• Women’s incarceration rates have grown 10-fold between the World War II generation and Millennial generation.

The PRB analysts also identified several positive trends for young women, even though these did not outweigh the negative trends in the overall index:

  • Educational attainment has increased: Women’s high school dropout rate has fallen over time, while the share of women with at least a bachelor’s degree has increased.
  • The gender gaps in earnings and in business ownership persist but have narrowed from one generation to the next.
  • The teen birth rate is at an historic low.
  • The share of young women who are smoking has dropped sharply among Generation X and Millennials compared with previous generations.
  • The female homicide rate has fallen in each generation since the Baby Boom.
  • While women remain underrepresented in Congress and in state legislatures, their share of legislators has increased with each successive generation.

“The share of women with bachelor’s degrees is at an all-time high, but these educational gains have not led to similar gains in the workforce or in political leadership,” said Mark Mather, associate vice president of PRB’s U.S. Programs department and a co-author of the Bulletin.

Women still earn less than men in nearly every occupation and at every education level. In fact, women need to complete a higher level of education than men to achieve equivalent earnings.

About the PRB Index of Young Women’s Well-Being

The PRB index comprises 14 key social, economic, and health measures to compare outcomes for each generation of young women (up to age 34) with the previous generation. The results show that the progress made by those in the Baby Boom generation (born 1946 to 1964) compared with the previous World War II generation (born 1930-1945) has not continued among women of Generation X (born 1965 to 1981) and the Millennial generation (born 1982 to 2002).

PRB calculates an overall index score by comparing each generation with the preceding generation and taking into account the magnitude of improvement or decline. Young women of the Millennial generation experienced a slight decline (1 percent) in overall well-being compared with women of Generation X, and women of Generation X experienced only a modest gain (2 percent) in well-being relative to women of the Baby Boom generation. In contrast, women of the Baby Boom generation experienced a substantial gain (66 percent) in overall well-being relative to women of the World War II generation.

Losing Ground: Young Women's Well-Being Across Generations in the United States


Social Media Graphics


Understanding the Dynamics of Family Change in the United States

Product: Population Bulletin, vol. 71, no.1

Date: August 9, 2016


Beginning in the 1960s—and accelerating over the last two decades—changes in marriage, divorce, cohabitation, and nonmarital childbearing have transformed family life in the United States. The family continues to serve a primary role in raising children and caring for elderly relatives. But new family patterns and increased instability are creating complex family and economic ties that often span multiple households, according to a new Population Reference Bureau (PRB) report, “Understanding the Dynamics of Family Change in the United States.”

Unstable living arrangements and complex family relationships create challenges for families and policymakers alike as more children are at risk of growing up poor and more adults reach old age without a spouse or ties to an adult child to provide care, reports Alicia VanOrman, PRB research associate and lead author.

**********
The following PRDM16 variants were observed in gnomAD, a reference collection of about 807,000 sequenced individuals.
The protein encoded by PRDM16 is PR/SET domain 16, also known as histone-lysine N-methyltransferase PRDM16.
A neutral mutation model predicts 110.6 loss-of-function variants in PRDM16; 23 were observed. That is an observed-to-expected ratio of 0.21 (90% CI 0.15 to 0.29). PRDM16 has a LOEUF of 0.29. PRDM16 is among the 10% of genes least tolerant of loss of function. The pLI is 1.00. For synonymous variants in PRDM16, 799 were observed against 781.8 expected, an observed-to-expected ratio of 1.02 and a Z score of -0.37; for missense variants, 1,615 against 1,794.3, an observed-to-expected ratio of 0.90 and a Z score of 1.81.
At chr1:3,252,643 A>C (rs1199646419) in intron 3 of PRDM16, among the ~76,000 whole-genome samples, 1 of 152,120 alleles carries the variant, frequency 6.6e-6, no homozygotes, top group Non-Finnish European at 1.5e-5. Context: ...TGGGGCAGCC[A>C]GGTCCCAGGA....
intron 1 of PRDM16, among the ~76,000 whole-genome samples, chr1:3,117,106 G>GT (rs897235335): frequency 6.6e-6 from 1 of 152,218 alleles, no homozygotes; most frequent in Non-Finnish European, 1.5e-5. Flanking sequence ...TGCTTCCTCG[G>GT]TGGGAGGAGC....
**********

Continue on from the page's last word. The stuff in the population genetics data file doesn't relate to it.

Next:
Compared to the 1950s, men and women today have more socially acceptable choices about how, when, and with whom to form intimate relationships and in what context to have children. No longer do marriage, co-residence, and parenting always go together, nor is marriage necessarily viewed as a life-long commitment.

The prevalence of marriage has continued to decline in the United States. In 2014, about half of all U.S. adults were currently married, compared with nearly three-quarters in 1960. Multiple factors are driving this decline, including young adults delaying marriage to older ages, more couples cohabiting before or instead of marrying, more couples divorcing, and fewer adults remarrying following a divorce or the death of a spouse.

Cohabitation rather than marriage is now the setting of a majority of first live-in romantic relationships. Yet, cohabiting unions tend to be short and unstable. Only about two in five cohabiting couples now marry within three years, down from three in five in the early 1990s. Previously married people are not remarrying as quickly or as often as in the past; rather they are cohabiting. In nearly half (47 percent) of cohabiting couples in 2014, at least one member had been previously married.

The share of children born to unmarried parents has doubled since the 1980s, reaching 43 percent in 2009-2013 from 21 percent in 1980-1984. Births to cohabiting couples (whose relationships tend to be less stable than those of married couples) now represent 25 percent of all U.S. births and account for nearly all of the recent increase in nonmarital births.

While divorce has declined slightly among people in their 20s and 30s, it has increased dramatically among those ages 50 and older. In 2010, close to half of Americans ages 50 and older who had ever married had also divorced or separated. Family demographers point to a variety of reasons such as higher expectations for marital relationships, the instability of remarriages, and higher women’s earnings that make divorce more economically feasible.